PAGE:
A lot of chick lit would fall into this category, absolutely. But I think there are other genres that might dovetail nicely. A lot of urban fantasy, for one. Perhaps the reason a lot of urban fantasy is popular is because often the protagonist is thrust into an entirely different and new world (“adulthood”) and must learn to cope with and navigate it. I like post-apocalyptic myself: when the world has ended you gotta grow up pretty damn fast, even if you’re not ready or don’t know how.

What about YA and New Adult? Do you expect younger readers to read up?

As much as I expect us older readers to read “down”. I freaking love YA and I don’t consider it reading “down” (even if the industry does). Teens read adult fiction as well as YA–I did when I was a teenager.

Then why New Adult?

I will be straight–adult fiction is flailing. Why? I can’t possibly tell you. Are publishers are looking to “tap” into YA’s popularity? Of course. Why is YA popular but adult fiction not? I don’t know. Personally speaking, most of my discretionary income goes into buying YA, not adult, and I’m not YA’s target audience. Do I find great fiction in the adult sections of the store? Absolutely. But it’s harder–I have to wade through all lot that doesn’t interest me: divorces, having a family, affairs, mid-life crises. I’m closer in age and in place in life to teens than I am to someone who is 35.

Another issue is, there is a lot of great fiction out there with younger protagonists that languish unsold because it’s “too old for the YA market”. I know of writers who have had to “age down” their protagonists to fit it into what the publishing industry thinks will sell. Why aren’t they published as adult? I think there are certain expectations of adult fiction that don’t exist in YA–the same way there are expectations of what being an “adult” is. Obviously there are exceptions to this, but the honest truth is that there just isn’t a defined market for this sort of fiction and my boss thinks there is.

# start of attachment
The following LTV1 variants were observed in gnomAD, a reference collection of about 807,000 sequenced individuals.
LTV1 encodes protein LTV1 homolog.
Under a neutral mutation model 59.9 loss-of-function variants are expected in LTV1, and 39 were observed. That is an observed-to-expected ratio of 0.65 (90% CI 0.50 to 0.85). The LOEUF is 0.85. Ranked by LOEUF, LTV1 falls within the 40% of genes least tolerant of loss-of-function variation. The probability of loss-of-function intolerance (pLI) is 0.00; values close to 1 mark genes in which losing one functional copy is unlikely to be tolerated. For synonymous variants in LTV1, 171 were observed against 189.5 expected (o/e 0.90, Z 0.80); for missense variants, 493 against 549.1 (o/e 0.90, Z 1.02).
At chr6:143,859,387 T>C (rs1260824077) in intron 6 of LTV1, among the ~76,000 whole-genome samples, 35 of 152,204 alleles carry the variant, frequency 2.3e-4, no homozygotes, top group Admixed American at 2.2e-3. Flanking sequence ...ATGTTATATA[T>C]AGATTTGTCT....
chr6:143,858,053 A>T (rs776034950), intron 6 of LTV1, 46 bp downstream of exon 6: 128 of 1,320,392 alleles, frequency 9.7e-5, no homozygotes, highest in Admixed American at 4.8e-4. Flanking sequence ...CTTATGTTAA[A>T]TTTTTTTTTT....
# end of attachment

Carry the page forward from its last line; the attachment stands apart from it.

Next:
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13 Responses to New Adult & Shelving

  1. Kelley 13 Nov 2009 at 6:30 pm #

    About. Time.

    Forget the imp. Your boss deserves a donut hole.

  2. Jodi Meadows 13 Nov 2009 at 7:39 pm #

    Thanks for more on this, JJ. You’ve answered some great questions. I hope this will put minds at ease. I *love* the idea of NA; I really hope it takes off.

  3. Claudia 13 Nov 2009 at 7:52 pm #

    That’s a Heartbreaking Work of Staggering Genius…

    Sort of surprised to see Time Traveler’s Wife on the list. Seems pretty mainstream/all ages to me.

  4. Kristan 13 Nov 2009 at 8:36 pm #

    I agree with Claudia: I’m not sure about ALL of your choices… (Oscar Wao, for example, struck me as odd. I didn’t feel that it spoke to a wide audience of “new adults” – but rather *about* a niche group, in a way that appealed to people of many ages.)

    BUT your overview of what New Adult is, and *why* it is, and why it’s going to be a part of the future literary landscape, is excellent! Thank you! I totally identify with the descriptions you gave, and I look forward to reading (and writing) what emerges in this genre.